Scrubs : Season Two (2002)
17th February 2006
As I stated in my review of Scrubs: Season 1, Scrubs is one of a new generation of American sitcoms that, whilst unfortunately not lighting up the ratings as much as shows like Seinfeld or Friends have in the past, build up a large, loyal and dedicated fan base and Internet following. It's not difficult to see why; shows such as Scrubs do not easily fit into the sitcom mould.
Describing Scrubs as a sitcom doesn't do it justice; it's a comedy based on humour emerging from funny situations, sure, but it's also a drama, a stage show and a slapstick Jim Carrey-esque movie; often all in the same episode. It doesn't have a laugh track, is filmed on location, and utilises independent music to great effect. Its special effects are first-class and some of the gags feel like they belong in a cartoon. All of this adds up to one of the most innovative television shows TV has ever seen; whilst Malcolm In The Middle pioneered the laugh-track-free sitcom and Curb Your Enthusiasm led the trend towards on-location shooting, it was Scrubs that really first combined these elements into what can only be called a televisual masterpiece. It deserves all of the acclaim it gets.
The sitcom is largely based around three medical residents at Sacred Heart hospital, and their mentors and co-workers. J.D. (Zach Braff) is the affably nerdish narrator of the show and prone to random visions and pop-culture interpretations; his on-again, off-again subject of affection, Elliot (Sarah Chalke) is as self-conscious, compulsive and neurotic as they come; and J.D.'s best friend Turk (Donald Faison) is African-American and proud of it, shares J.D.'s sense of humour and practices surgery rather than the general practitionary the other two do. This season they return having climbed the ranks from interns last season to residents this one. The 22 twenty-minute long episodes presented here see us through their second year at the hospital; in which they have to deal with all manner of complications and situations, personal and professional.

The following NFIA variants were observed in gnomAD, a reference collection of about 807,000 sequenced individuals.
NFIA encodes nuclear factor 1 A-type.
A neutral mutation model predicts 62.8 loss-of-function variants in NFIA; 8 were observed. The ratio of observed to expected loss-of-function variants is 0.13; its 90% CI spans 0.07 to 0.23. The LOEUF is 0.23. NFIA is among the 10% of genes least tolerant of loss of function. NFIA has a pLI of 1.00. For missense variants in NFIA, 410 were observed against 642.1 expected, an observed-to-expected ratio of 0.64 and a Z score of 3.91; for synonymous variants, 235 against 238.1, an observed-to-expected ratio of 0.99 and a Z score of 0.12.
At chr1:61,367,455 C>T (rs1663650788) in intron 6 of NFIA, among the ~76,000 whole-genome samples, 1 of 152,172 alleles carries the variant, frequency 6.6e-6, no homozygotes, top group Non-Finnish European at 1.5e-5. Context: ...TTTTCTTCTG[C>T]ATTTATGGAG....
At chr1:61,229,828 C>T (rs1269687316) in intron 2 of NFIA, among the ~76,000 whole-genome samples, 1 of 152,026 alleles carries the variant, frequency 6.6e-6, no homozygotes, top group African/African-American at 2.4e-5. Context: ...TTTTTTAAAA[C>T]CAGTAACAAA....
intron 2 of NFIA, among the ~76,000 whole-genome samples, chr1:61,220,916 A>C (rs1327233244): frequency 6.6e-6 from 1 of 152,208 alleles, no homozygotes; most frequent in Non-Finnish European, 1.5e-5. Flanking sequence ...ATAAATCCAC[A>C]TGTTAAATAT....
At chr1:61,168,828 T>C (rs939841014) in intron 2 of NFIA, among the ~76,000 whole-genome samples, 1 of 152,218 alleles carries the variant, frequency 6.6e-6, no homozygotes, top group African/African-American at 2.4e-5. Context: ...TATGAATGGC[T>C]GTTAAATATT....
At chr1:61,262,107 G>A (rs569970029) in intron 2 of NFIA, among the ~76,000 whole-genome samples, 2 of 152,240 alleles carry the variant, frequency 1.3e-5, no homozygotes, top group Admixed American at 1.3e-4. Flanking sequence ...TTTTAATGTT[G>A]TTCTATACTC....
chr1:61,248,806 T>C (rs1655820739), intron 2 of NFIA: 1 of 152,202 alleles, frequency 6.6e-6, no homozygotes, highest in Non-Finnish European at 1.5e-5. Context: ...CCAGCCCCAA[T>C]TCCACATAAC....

Alongside these three we meet J.D.'s mentor, Dr. Perry Cox (John C. McGinley), as damaged a character one can possibly be and prone to lengthy humorous rants. He also always refers to J.D. by a girl's name, and does to his best to stay away from personal problems the younger residents get into, although this season he gets into his own when ex Jordan Sullivan (Christa Miller) arrives back on the scene for the long term with Cox's baby. There's also Dr. Bob Kelso (Ken Jenkins), grumpy old hospital manager; Carla Espinosa (Judy Reyes), Turk's Hispanic girlfriend; the Janitor (Neil Flynn), a strange character who has a compulsion to insult or scare J.D.; and Ted (Sam Lloyd), nervous hospital lawyer and lapdog of Kelso. There are also many other minor characters who serve mostly to serve a punch line or as foils, comic or otherwise, to the main characters.
Humour emerges from everywhere in Scrubs, be it from the characters foibles; the at-times outrageous storylines; the sharp, acid-tongued insults the characters frequently spout; or the random aside gags and visions that appear (mostly) in J.D.'s mind. There's a joke type for everyone here, and if like me you enjoy many kinds of humour, you're destined to find this show hilarious.
Drama, emotion, characterisation and plotline play a large part in the series, more than can be said for many other current sitcoms. The end of each episode often serves up a moral, and episodes frequently end on a particularly emotional note, be that positive or negative, something few other sitcoms could carry off with conviction. The show is filmed using a single camera, and action is always taking place - this is more E.R. or Curb Your Enthusiasm than Seinfeld or Friends.
Season two of Scrubs is often cited as the strongest season of the show, and I'd be inclined to agree. Whilst not having the clear standout episode of the season like season 1 "My Old Lady" or season 3 "My Screw Up", the humour is remarkably consistent throughout the 22 episodes. The gags continue to be quick fire, the lines are always delivered brilliantly, the storylines are at times wacky and at times truly emotionally moving.
This season's episodic morsels are even more eclectic than those in the preceding season; sure, each episode is wrapped up with something of a moral, but how these are approached varies greatly. This season features the brilliant "My Overkill", which kicks off with Colin Hay performing his "Overkill" song whilst stalking J.D. around the hospital (far more entertaining than it sounds); the revelation that Jordan is to be a mother - and Dr. Cox a father - in "My Fruit Cups"; J.D. and Elliot's second sexual encounter in "My Sex Buddy"; "His Story", in which Dr. Cox takes over J.D.'s narration for an episode; and the saga of the "T.C.W." (Tasty Coma Wife). Each episode features several sub-plots, so the shows never veer off into boring or clichéd territory, and gags come quick and fast; lightening the mood during dramatic scenes but never ruining the moment.